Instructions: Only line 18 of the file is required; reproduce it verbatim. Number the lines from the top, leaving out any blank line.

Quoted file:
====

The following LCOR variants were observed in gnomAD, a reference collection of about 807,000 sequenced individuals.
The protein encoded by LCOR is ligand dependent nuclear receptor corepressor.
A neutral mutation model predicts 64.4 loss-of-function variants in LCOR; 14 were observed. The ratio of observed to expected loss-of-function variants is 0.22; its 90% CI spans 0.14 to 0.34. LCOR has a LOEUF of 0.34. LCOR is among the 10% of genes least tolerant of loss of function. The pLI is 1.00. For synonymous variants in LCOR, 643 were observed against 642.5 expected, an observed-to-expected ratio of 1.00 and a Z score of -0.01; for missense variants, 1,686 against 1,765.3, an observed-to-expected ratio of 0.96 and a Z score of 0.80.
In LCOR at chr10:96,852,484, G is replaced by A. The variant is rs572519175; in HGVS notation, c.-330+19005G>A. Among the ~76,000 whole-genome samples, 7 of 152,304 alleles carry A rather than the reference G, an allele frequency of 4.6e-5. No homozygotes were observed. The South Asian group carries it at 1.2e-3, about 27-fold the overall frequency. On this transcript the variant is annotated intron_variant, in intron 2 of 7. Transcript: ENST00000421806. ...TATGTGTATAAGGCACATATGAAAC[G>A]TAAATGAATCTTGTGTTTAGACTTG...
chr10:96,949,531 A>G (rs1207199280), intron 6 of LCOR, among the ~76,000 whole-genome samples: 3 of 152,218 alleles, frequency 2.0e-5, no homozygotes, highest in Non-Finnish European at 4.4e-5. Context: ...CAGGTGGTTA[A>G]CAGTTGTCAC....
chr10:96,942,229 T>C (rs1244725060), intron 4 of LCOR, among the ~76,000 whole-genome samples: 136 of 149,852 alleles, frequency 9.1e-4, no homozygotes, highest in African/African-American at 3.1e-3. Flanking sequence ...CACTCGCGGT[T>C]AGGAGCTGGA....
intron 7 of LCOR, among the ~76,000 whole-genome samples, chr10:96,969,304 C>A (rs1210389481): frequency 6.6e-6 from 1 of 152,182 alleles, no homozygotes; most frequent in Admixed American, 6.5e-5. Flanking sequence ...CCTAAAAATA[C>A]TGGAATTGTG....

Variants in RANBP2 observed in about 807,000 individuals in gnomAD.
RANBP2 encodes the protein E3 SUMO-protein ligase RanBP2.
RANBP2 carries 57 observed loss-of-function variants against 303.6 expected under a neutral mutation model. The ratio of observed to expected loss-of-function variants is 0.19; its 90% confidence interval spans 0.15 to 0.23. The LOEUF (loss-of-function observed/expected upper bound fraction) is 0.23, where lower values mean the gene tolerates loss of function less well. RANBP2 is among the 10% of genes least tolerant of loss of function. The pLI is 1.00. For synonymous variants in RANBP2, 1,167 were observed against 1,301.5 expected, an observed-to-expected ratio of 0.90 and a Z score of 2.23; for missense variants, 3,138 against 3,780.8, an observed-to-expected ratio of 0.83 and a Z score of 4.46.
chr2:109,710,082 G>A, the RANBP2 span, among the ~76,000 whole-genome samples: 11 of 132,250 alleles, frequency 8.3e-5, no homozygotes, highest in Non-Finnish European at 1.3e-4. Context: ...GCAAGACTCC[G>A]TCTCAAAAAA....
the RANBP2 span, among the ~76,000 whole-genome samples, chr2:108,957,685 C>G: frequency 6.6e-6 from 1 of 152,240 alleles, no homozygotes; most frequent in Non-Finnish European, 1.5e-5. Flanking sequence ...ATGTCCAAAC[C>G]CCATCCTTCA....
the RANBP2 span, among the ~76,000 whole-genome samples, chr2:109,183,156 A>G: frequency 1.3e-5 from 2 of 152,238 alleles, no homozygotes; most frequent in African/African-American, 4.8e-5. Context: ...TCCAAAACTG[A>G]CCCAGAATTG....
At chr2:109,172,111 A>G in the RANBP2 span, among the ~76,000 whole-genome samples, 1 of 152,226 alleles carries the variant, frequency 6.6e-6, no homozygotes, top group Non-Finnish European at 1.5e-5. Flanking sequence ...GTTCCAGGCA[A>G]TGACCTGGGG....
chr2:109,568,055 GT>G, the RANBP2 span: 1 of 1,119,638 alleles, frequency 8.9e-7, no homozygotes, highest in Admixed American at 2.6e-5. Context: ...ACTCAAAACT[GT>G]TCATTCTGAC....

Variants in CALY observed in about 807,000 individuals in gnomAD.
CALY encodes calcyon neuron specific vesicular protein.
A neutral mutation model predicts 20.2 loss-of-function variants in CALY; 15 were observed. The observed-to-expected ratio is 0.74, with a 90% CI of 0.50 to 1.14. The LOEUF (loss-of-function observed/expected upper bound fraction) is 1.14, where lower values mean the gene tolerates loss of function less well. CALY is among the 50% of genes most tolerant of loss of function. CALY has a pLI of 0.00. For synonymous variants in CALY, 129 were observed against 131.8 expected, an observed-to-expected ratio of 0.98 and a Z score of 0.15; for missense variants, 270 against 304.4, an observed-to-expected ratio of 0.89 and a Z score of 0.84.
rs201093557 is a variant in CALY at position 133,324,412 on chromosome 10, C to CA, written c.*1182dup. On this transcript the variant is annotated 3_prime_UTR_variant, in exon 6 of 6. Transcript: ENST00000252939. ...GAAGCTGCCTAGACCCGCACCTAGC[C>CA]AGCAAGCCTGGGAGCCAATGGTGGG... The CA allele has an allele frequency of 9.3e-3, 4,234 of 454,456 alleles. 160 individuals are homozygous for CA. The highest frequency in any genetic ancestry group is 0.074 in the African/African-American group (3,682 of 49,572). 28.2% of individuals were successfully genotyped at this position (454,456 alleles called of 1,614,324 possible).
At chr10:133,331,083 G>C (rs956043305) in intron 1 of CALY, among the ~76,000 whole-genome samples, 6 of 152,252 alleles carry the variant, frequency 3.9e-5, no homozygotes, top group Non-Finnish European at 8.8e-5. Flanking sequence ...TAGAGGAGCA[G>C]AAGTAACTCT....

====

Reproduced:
A neutral mutation model predicts 20.2 loss-of-function variants in CALY; 15 were observed. The observed-to-expected ratio is 0.74, with a 90% CI of 0.50 to 1.14. The LOEUF (loss-of-function observed/expected upper bound fraction) is 1.14, where lower values mean the gene tolerates loss of function less well. CALY is among the 50% of genes most tolerant of loss of function. CALY has a pLI of 0.00. For synonymous variants in CALY, 129 were observed against 131.8 expected, an observed-to-expected ratio of 0.98 and a Z score of 0.15; for missense variants, 270 against 304.4, an observed-to-expected ratio of 0.89 and a Z score of 0.84.